No wonder more crowdsourcing platforms are popping up all the time. It’s a win-win economy: The more money raised, the more money made, the more people, projects, and organizations benefited.

Click to access a list of 50 crowdfunding sites compiled by entrepreneurcrunch.

Click to access a list of 50 crowdfunding sites compiled by entrepreneurcrunch.

Crowdsourcing: A History

This was not the case five years ago, when I launched my first Kickstarter to raise funds to develop the “World’s First StoryAppTour.” Kickstarter had only launched the year before, in 2009, and was then the only option for creative projects. Furthermore, the market of early adopters willing to support crowdsourced projects was then small. Indeed, my greatest difficulty in 2010 was convincing friends and family that it was safe to give up their credit card details online.
 

Even so, Forbes reported that $880 million had been raised through crowdsourced funding efforts in 2010. In 2014, that number shot up to $16 billion, according to Forbes, which estimates that by the end of 2015 total funds raised across all crowdsourcing platforms will soar to over $34 billion. The National Industry Association disagrees. They say $48 billion.
 

To put these sums into perspective, the venture capital industry invests an average of $30 billion each year. In less than 10 years, crowdsourcing has surpassed that.
 

Still, only a fraction of crowdsourced projects – plus or minus 50%, according to my sources – actually reach their funding target. There are many reasons for this. One reason might be – as I pointed out to my friend – that the crowd, rather than a traditional gatekeeper, has determined a creative project unworthy, or the gadget unproven, or the cause too narrow. The crowd, it turns out, can be incredibly savvy.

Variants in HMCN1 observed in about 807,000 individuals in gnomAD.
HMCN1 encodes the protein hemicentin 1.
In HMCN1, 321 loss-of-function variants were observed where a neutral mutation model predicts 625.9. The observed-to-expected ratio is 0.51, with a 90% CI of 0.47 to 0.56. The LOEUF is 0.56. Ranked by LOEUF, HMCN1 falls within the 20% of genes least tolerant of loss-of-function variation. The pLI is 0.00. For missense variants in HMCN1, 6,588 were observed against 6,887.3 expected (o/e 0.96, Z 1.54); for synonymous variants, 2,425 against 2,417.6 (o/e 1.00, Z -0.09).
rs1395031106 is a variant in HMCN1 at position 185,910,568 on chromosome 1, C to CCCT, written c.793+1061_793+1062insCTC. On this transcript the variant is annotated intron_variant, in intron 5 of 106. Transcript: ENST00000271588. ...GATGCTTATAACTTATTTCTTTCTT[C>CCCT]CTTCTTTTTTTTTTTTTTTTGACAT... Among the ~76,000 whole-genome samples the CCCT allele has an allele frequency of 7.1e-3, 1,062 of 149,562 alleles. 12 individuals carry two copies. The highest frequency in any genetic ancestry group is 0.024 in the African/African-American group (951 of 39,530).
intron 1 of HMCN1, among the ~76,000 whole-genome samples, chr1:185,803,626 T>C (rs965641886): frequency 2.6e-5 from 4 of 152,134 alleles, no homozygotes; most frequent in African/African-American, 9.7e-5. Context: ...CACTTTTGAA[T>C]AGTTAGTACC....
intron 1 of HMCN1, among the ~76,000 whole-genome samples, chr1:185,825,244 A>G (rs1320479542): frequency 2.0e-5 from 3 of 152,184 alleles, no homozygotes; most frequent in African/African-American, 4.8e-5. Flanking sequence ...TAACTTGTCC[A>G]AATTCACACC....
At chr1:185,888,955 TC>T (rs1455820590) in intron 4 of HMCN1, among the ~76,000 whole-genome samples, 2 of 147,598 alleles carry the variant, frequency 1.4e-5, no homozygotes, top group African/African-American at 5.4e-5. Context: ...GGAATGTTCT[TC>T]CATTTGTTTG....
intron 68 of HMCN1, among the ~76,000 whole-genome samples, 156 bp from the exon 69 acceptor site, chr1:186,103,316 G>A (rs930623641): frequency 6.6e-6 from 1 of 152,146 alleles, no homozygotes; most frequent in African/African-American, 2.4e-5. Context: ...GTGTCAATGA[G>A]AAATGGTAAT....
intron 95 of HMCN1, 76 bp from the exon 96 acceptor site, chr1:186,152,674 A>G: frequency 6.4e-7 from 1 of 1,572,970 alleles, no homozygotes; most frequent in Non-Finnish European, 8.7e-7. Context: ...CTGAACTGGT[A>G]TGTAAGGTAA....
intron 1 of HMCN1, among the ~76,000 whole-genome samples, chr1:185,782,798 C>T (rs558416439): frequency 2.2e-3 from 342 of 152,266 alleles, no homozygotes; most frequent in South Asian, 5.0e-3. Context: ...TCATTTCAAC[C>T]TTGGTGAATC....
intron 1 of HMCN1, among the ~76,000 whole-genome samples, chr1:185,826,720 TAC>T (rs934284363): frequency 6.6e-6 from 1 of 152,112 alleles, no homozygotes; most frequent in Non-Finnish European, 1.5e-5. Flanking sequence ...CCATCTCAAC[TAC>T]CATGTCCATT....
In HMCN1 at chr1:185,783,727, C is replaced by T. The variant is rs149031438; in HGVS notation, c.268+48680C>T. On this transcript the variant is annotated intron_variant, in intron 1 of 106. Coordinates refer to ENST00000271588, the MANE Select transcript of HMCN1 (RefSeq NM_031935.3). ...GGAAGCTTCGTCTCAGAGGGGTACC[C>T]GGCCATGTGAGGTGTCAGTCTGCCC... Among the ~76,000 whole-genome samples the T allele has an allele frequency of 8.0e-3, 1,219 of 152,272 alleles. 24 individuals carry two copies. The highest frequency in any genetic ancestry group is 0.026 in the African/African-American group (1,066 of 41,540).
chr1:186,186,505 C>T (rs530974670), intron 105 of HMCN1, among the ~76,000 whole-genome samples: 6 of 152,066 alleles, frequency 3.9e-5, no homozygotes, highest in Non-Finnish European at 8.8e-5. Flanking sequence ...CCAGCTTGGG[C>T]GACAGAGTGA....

Of course, there are also great projects that go unfunded because the creators didn't do their homework, they didn't prepare well enough in advance, or thought all they had to do was build their campaign page and the crowd would come. This is just one of many attitudes that will kill a crowdsourced funding project before it’s even launched.
 

For my list of Seven Deadly Crowdfunding Sins
and how to avoid them, click here.

 

A Critic Converted

I believe crowdsourcing is important, as I told my friend, because it is democratizing the investment ecosystem, allowing individual artists, micro-enterprises, educational institutions, and small businesses, like independent publishers, that are otherwise ineligible for government grants, angel investment, and VC capital, to realize their dreams too.
 

“Well, I know who to turn to if I ever decide to crowdfund,” my friend said. “Only if you pay me!” I replied. “You’ve just received the extent of my free advice.”
 

“You should totally hang up yet another shingle,” she said.
 

It turns out, I know a lot more about crowdfunding than I ever gave myself credit for. Makes sense, though. I’ve learned the ropes by doing it… twice.
 

I am most grateful to my now enlightened friend for pointing this out!